Consultant Suggests Kansas Schools Could Need $450 Million to $2 Billion More
By Celia Llopis-Jepsen, Kansas News Service
A report released today (FRI) suggests lawmakers may have to add from $450 million to $2 billion to comply with a Kansas Supreme Court order to get school spending in compliance with the state’s constitution. School districts suing the state have called for at least $600 million. The analysis — by external consultants — matters because Republican legislative leaders had hoped it could form the basis of their rationale to the Kansas Supreme Court for whatever amount they ultimately devote to the state’s education funding formula this spring. The legislature hired the consultants amid a court order to fix school funding. At least one legislative leader said following the report’s recommendations would mean either massive cuts to other state services, or corresponding tax hikes.
“Additional funds will not be possible without implementing another major tax increase on all Kansans and without continuing to short other state needs such as healthcare, social services, transportation, and higher education all in the favor of schools,” said Senate President Susan Wagle. “There will be major losers at the end of this,” she continued in a statement, “and that will be either the Kansas taxpayers or other state services whose funding stream will be cut.”
Democrats appeared happy with the outcome of the report Friday. Yet they had initially called into question one of the author’s credentials, apparently concerned the study might give legislators political and legal cover to spend less than $600 million. People who had long advocated for more robust state spending on local schools took vindication from the consultants’ report.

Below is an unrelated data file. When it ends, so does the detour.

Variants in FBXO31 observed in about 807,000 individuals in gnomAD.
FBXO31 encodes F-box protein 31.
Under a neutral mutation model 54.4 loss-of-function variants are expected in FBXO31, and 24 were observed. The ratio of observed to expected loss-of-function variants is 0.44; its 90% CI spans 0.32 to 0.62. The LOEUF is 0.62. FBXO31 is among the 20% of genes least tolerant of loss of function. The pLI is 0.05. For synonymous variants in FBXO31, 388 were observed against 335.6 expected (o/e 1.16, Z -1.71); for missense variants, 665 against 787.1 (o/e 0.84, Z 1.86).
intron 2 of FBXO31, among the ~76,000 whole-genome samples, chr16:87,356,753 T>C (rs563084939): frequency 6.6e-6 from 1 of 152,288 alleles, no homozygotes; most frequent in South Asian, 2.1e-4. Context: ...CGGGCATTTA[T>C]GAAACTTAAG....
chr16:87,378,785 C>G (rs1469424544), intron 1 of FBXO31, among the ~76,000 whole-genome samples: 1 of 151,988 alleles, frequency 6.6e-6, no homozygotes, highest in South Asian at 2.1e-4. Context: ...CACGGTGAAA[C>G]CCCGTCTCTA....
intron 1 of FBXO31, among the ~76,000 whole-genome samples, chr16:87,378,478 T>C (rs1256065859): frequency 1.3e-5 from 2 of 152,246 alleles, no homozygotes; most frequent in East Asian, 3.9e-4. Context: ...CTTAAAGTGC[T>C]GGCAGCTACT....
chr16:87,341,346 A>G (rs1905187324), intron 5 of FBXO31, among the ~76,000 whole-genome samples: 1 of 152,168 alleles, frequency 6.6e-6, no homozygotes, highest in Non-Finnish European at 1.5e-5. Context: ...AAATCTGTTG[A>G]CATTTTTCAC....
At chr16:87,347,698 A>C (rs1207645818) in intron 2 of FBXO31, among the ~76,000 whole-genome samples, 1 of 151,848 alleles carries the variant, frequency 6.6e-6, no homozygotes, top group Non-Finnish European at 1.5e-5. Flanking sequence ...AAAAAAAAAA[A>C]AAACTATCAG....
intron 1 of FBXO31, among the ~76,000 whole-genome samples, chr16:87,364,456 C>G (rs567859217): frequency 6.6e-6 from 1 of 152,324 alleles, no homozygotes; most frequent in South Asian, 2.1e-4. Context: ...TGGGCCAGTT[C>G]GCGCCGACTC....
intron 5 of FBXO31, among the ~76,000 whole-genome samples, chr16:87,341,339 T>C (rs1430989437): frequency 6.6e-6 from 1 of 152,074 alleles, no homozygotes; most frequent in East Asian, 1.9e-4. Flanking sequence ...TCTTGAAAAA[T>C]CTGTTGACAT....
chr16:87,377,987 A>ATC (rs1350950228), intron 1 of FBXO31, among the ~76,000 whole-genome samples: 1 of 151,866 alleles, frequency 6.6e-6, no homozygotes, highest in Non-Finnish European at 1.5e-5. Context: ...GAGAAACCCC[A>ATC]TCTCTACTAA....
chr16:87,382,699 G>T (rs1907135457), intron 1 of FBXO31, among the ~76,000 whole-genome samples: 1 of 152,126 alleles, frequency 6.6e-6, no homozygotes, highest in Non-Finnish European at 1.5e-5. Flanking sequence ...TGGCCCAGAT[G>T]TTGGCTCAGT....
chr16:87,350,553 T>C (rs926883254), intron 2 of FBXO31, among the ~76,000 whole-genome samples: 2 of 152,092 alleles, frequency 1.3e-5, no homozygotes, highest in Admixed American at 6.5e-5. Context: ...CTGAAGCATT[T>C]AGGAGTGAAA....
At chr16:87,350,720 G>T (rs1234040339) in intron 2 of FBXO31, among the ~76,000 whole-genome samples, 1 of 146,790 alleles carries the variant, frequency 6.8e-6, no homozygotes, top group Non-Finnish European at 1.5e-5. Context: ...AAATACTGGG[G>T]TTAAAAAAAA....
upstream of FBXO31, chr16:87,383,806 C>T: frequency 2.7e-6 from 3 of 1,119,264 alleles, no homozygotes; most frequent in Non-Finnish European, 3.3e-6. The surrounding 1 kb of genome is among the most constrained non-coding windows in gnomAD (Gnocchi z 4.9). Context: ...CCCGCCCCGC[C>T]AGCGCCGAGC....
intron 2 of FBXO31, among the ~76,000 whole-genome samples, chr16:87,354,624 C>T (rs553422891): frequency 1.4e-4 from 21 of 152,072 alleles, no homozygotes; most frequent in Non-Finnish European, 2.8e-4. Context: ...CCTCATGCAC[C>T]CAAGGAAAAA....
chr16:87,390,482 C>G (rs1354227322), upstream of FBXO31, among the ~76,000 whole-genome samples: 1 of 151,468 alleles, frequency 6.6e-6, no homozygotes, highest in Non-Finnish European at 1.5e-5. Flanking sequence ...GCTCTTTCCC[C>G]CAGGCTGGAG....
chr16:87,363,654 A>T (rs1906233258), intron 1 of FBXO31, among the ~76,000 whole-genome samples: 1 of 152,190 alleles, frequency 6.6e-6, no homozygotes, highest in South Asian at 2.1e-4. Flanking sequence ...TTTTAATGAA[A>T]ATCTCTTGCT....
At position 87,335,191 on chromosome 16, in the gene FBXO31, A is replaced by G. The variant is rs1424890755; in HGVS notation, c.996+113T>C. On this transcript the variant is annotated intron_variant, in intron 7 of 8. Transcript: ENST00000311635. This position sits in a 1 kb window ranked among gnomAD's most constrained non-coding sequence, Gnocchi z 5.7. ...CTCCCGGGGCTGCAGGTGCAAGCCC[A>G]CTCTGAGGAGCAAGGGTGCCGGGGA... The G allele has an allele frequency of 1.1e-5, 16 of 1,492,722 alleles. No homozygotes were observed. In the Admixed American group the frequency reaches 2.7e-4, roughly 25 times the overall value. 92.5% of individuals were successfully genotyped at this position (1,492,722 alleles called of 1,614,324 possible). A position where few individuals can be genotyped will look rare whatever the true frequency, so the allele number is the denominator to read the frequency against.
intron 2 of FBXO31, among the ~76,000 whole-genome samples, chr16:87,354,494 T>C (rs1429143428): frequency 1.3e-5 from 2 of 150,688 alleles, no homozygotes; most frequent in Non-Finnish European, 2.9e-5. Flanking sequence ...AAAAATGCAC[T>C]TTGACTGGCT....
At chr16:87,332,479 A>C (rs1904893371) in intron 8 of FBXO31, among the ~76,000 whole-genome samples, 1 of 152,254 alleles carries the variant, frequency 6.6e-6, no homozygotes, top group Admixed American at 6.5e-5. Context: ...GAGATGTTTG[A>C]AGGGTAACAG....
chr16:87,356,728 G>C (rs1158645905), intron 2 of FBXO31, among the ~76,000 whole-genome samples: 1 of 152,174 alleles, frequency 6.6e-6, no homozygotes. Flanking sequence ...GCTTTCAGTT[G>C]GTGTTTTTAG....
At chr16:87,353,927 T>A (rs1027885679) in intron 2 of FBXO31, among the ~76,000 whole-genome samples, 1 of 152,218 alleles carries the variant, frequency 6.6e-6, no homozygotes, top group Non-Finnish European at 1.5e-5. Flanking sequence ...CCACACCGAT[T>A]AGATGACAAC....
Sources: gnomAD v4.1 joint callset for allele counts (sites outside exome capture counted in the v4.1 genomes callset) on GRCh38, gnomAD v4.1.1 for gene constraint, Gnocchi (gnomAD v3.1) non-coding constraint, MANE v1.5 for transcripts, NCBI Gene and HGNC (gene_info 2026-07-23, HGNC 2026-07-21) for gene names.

“It proves what we’ve been saying in the legislature and in the courts,” said House Democratic Leader Jim Ward. “We’ve underfunded schools significantly over a long period of time. … It’s going to be expensive to fix it.”
The Kansas Supreme Court has charged lawmakers with coming up with a school funding formula aimed at closing achievement gaps. Like past studies, this report suggests more money is needed to get results for students. Republican Senator Molly Baumgardner, chair of the Senate education committee, was more uncertain of what the 160-page report means. Lawmakers received it at 1pm Friday and were scrambling to digest it.
“OK, we don’t know exactly what it says,” she said. “We’re going to read and we’ll go from there.”
Republicans and Democrats alike want to know whether the report contains errors or other problems, such as how student enrollment was calculated. The reports’ authors will come to Topeka Monday to answer their question. The report lays out three spending scenarios. The cheapest, which aims for a 95 percent graduation rate by 2022, would cost an estimated $450 million.
But it would cost $1.7 billion to get 90 percent of students on grade level in math and reading by that same year, and $2 billion to get 60 percent of them at the levels in those subjects that they’ll need for college. Those calculations don’t specify where that money should come from. Schools are funded with a combination of state, local and federal dollars.
Celia Llopis-Jepsen is a reporter for the Kansas News Service, a collaboration of KCUR, Kansas Public Radio, KMUW and High Plains Public Radio covering health, education and politics. You can reach her on Twitter @Celia_LJ. Kansas News Service stories and photos may be republished at no cost with proper attribution and a link back to the original post.